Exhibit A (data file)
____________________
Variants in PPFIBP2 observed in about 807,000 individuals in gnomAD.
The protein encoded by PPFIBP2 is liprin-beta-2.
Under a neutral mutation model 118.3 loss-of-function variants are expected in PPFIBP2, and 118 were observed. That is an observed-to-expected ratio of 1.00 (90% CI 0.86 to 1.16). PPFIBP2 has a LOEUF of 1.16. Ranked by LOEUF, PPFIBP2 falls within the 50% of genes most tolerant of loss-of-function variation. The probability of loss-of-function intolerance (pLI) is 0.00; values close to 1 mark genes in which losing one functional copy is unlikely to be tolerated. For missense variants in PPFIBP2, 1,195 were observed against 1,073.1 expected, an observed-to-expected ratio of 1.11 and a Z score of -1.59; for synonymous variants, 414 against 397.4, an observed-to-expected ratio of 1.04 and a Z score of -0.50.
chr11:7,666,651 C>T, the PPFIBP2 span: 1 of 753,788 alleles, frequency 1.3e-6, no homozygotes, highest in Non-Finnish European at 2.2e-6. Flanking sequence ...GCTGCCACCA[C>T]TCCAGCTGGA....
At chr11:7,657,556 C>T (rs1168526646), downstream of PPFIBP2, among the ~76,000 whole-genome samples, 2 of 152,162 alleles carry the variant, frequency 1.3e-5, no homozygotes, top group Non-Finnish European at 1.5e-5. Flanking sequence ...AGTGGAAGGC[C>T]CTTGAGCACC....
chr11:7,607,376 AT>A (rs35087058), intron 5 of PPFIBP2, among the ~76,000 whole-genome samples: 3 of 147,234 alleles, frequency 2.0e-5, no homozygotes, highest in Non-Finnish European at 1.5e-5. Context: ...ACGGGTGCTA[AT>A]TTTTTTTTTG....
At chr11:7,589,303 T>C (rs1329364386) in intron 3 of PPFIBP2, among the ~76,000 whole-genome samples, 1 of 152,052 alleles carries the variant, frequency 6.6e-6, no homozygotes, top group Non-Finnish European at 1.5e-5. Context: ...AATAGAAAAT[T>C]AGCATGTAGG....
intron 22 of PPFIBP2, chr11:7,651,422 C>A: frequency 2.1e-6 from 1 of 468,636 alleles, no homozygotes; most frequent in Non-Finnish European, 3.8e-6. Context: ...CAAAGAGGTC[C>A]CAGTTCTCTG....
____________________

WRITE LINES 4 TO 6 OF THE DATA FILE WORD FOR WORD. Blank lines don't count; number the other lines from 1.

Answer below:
chr11:7,666,651 C>T, the PPFIBP2 span: 1 of 753,788 alleles, frequency 1.3e-6, no homozygotes, highest in Non-Finnish European at 2.2e-6. Flanking sequence ...GCTGCCACCA[C>T]TCCAGCTGGA....
At chr11:7,657,556 C>T (rs1168526646), downstream of PPFIBP2, among the ~76,000 whole-genome samples, 2 of 152,162 alleles carry the variant, frequency 1.3e-5, no homozygotes, top group Non-Finnish European at 1.5e-5. Flanking sequence ...AGTGGAAGGC[C>T]CTTGAGCACC....
chr11:7,607,376 AT>A (rs35087058), intron 5 of PPFIBP2, among the ~76,000 whole-genome samples: 3 of 147,234 alleles, frequency 2.0e-5, no homozygotes, highest in Non-Finnish European at 1.5e-5. Context: ...ACGGGTGCTA[AT>A]TTTTTTTTTG....